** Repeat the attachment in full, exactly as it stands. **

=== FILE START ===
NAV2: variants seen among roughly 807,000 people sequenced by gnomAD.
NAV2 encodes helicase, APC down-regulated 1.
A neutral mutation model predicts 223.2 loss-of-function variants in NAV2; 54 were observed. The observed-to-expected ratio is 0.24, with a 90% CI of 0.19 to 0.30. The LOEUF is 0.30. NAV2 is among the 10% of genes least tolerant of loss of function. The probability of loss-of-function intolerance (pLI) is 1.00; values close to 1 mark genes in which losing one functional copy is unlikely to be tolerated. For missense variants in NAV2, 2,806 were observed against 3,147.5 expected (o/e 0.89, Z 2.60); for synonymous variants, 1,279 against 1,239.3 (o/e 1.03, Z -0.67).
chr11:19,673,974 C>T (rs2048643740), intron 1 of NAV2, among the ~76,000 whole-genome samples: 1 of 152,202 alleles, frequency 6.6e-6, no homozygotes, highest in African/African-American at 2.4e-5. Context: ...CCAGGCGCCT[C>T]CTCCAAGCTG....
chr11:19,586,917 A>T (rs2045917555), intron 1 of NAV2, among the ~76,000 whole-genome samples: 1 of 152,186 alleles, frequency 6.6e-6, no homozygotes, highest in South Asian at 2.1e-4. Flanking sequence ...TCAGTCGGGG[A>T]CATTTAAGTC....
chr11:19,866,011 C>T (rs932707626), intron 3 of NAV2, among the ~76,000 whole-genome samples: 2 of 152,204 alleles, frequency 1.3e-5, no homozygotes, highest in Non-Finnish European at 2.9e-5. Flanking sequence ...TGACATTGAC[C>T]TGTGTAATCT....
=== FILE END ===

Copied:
NAV2: variants seen among roughly 807,000 people sequenced by gnomAD.
NAV2 encodes helicase, APC down-regulated 1.
A neutral mutation model predicts 223.2 loss-of-function variants in NAV2; 54 were observed. The observed-to-expected ratio is 0.24, with a 90% CI of 0.19 to 0.30. The LOEUF is 0.30. NAV2 is among the 10% of genes least tolerant of loss of function. The probability of loss-of-function intolerance (pLI) is 1.00; values close to 1 mark genes in which losing one functional copy is unlikely to be tolerated. For missense variants in NAV2, 2,806 were observed against 3,147.5 expected (o/e 0.89, Z 2.60); for synonymous variants, 1,279 against 1,239.3 (o/e 1.03, Z -0.67).
chr11:19,673,974 C>T (rs2048643740), intron 1 of NAV2, among the ~76,000 whole-genome samples: 1 of 152,202 alleles, frequency 6.6e-6, no homozygotes, highest in African/African-American at 2.4e-5. Context: ...CCAGGCGCCT[C>T]CTCCAAGCTG....
chr11:19,586,917 A>T (rs2045917555), intron 1 of NAV2, among the ~76,000 whole-genome samples: 1 of 152,186 alleles, frequency 6.6e-6, no homozygotes, highest in South Asian at 2.1e-4. Flanking sequence ...TCAGTCGGGG[A>T]CATTTAAGTC....
chr11:19,866,011 C>T (rs932707626), intron 3 of NAV2, among the ~76,000 whole-genome samples: 2 of 152,204 alleles, frequency 1.3e-5, no homozygotes, highest in Non-Finnish European at 2.9e-5. Flanking sequence ...TGACATTGAC[C>T]TGTGTAATCT....